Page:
Law

Modern Slavery Act 2015

By Merrill April, Sarah Martin and Lara Shillito, Memery Crystal

“As I often say, we have come a long way from the days of slavery, but in 2014, discrimination and inequality still saturate our society in modern ways.”
Reverend Al Sharpton.

Modern slavery encompasses slavery, forced and compulsory labour and human trafficking. The Modern Slavery Act 2015 was passed in March 2015 (the “Act”) with the aim of providing law enforcement agencies with further means to tackle modern slavery.  

Section 54 of the Act introduces a new duty for large commercial organisations which supply goods or services to prepare a slavery and human trafficking statement for each financial year. The statement will need to include:

1. the steps that the organisation has taken to ensure that slavery and human trafficking is not taking place in any of its supply chains or in any part of its business; or

2. that no such steps have been taken.

It is intended that ‘supply chain’ refers to an organisation’s global supply chain.

Who does it apply to?

The Act applies to companies and partnerships which:

1. Supply goods or services.

2. Have a minimum total turnover (including the turnover of all subsidiaries). Following consultation, £36 million has been set as the level in the UK in keeping with other reporting requirements in the Companies Act 2006. However, the California Transparency in Supply Chains Act 2010, which imposes a similar reporting obligation and it is thought influenced section 54, has a higher threshold of $100 million (around £64 million).

3. Carry on a business or part of a business in the UK. The organisation need not be incorporated in the UK or have a physical presence in the UK; the obligation can apply to non-UK registered companies even if they only conduct a small amount of business in the UK.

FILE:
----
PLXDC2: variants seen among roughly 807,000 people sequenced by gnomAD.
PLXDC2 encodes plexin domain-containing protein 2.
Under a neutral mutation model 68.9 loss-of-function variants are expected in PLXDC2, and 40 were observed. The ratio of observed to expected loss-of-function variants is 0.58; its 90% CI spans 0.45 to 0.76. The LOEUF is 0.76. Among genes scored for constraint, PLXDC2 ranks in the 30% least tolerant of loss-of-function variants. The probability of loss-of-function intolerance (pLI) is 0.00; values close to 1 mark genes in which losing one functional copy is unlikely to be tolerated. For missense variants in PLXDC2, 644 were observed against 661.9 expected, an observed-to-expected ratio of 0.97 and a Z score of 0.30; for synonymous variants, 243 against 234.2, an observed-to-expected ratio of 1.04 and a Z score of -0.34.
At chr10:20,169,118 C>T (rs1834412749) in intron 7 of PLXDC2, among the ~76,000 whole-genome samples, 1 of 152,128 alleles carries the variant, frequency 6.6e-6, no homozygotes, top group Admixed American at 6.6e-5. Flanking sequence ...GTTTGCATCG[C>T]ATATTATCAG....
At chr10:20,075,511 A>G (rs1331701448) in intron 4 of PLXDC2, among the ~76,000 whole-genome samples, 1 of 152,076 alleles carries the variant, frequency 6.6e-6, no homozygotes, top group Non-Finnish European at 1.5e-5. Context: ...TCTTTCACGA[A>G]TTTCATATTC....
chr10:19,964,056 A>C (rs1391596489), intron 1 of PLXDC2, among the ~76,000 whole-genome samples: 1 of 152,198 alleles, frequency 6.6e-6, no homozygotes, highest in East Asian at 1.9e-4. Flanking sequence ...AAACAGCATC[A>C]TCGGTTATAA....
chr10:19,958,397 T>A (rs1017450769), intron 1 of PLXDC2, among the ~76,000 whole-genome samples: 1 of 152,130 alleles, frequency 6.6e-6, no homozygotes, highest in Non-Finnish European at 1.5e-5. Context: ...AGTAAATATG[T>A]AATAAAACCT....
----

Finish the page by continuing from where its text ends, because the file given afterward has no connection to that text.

What should be included in the statement?

The Act does not set out what to include in the statement, however, it lists six areas that may be included:

1. The organisation’s structure, business and supply chains.

2. Its policies in relation to slavery and human trafficking.

3. Its due diligence processes in relation to slavery and human trafficking in its business and supply chains.

4. The parts of an organisations business and supply chains where there is a risk of slavery and human trafficking taking place, and the steps that it has taken to assess and manage that risk.

5. Its effectiveness in ensuring that slavery and human trafficking is not taking place in its business or supply chains, measured against such performance indicators as it considers appropriate.

6. The training about slavery and human trafficking available to its staff.

For companies, the statement will need board approval and to be signed by a director. There are equivalent provisions for partnerships.

The statement must be made available in a prominent place on the organisation’s website. If there is no website, the statement must be provided within 30 days of any written request.

When will this come into force?

This duty will be brought into force from October 2015 but there are likely to be transitional provisions. We will provide an update when further information is available. Guidance from the Home Office is expected.

Enforcement

The Secretary of State has the power to bring civil proceedings in the High Court for an injunction requiring an organisation to comply with the Act.

Organisations could opt to take no action and simply produce a statement that ‘no such steps have been taken’. However the Government hopes that public pressure and the risk of reputational damage will encourage organisations, and we may also see a ‘naming and shaming’ of those that try to avoid the obligation.

What should large organisations be doing now to prepare?

Large organisations should start to identify and prioritise the high risk areas in supply chains and then consider what due diligence steps might be required. Companies should also require all companies that form part of their supply chain to provide relevant information.

Whistleblowing policies should also be amended to cover concerns about slavery or human trafficking.


Merrill April, Head of Employment
Memery Crystal LLP, 44 Southampton Buildings, London WC2A 1AP
T +44 (0) 20 7242 5905
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Sarah Martin, Associate, Employment
Memery Crystal LLP, 44 Southampton Buildings, London WC2A 1AP
T +44 (0) 20 7400 5835
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Lara Shillito, Solicitor, Employment
Memery Crystal LLP, 44 Southampton Buildings, London WC2A 1AP
T +44 (0) 20 7400 5802
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published: August 2015

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